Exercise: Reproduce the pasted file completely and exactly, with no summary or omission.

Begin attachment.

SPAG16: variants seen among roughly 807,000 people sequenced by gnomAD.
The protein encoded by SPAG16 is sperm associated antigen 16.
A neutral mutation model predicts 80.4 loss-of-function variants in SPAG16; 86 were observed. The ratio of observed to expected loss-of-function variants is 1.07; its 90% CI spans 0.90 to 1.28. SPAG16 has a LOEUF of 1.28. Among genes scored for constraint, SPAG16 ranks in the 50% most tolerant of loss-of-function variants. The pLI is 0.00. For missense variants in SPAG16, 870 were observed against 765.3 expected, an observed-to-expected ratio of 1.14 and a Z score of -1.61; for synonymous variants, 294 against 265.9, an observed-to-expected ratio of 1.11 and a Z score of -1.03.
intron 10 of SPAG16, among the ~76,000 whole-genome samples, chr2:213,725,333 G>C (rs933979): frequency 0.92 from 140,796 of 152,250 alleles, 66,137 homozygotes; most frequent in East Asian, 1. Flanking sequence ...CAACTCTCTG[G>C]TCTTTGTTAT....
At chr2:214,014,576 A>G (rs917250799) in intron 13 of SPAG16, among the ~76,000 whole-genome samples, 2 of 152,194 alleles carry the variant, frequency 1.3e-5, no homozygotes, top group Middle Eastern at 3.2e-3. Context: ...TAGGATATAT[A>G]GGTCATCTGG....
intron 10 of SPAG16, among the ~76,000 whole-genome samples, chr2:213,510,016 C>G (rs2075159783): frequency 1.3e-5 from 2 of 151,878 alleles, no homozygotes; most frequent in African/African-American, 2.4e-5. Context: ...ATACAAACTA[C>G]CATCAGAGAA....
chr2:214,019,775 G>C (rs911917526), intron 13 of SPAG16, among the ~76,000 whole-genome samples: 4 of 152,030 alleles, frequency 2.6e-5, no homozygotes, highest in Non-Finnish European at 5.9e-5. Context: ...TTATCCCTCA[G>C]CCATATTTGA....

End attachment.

SPAG16: variants seen among roughly 807,000 people sequenced by gnomAD.
The protein encoded by SPAG16 is sperm associated antigen 16.
A neutral mutation model predicts 80.4 loss-of-function variants in SPAG16; 86 were observed. The ratio of observed to expected loss-of-function variants is 1.07; its 90% CI spans 0.90 to 1.28. SPAG16 has a LOEUF of 1.28. Among genes scored for constraint, SPAG16 ranks in the 50% most tolerant of loss-of-function variants. The pLI is 0.00. For missense variants in SPAG16, 870 were observed against 765.3 expected, an observed-to-expected ratio of 1.14 and a Z score of -1.61; for synonymous variants, 294 against 265.9, an observed-to-expected ratio of 1.11 and a Z score of -1.03.
intron 10 of SPAG16, among the ~76,000 whole-genome samples, chr2:213,725,333 G>C (rs933979): frequency 0.92 from 140,796 of 152,250 alleles, 66,137 homozygotes; most frequent in East Asian, 1. Flanking sequence ...CAACTCTCTG[G>C]TCTTTGTTAT....
At chr2:214,014,576 A>G (rs917250799) in intron 13 of SPAG16, among the ~76,000 whole-genome samples, 2 of 152,194 alleles carry the variant, frequency 1.3e-5, no homozygotes, top group Middle Eastern at 3.2e-3. Context: ...TAGGATATAT[A>G]GGTCATCTGG....
intron 10 of SPAG16, among the ~76,000 whole-genome samples, chr2:213,510,016 C>G (rs2075159783): frequency 1.3e-5 from 2 of 151,878 alleles, no homozygotes; most frequent in African/African-American, 2.4e-5. Context: ...ATACAAACTA[C>G]CATCAGAGAA....
chr2:214,019,775 G>C (rs911917526), intron 13 of SPAG16, among the ~76,000 whole-genome samples: 4 of 152,030 alleles, frequency 2.6e-5, no homozygotes, highest in Non-Finnish European at 5.9e-5. Context: ...TTATCCCTCA[G>C]CCATATTTGA....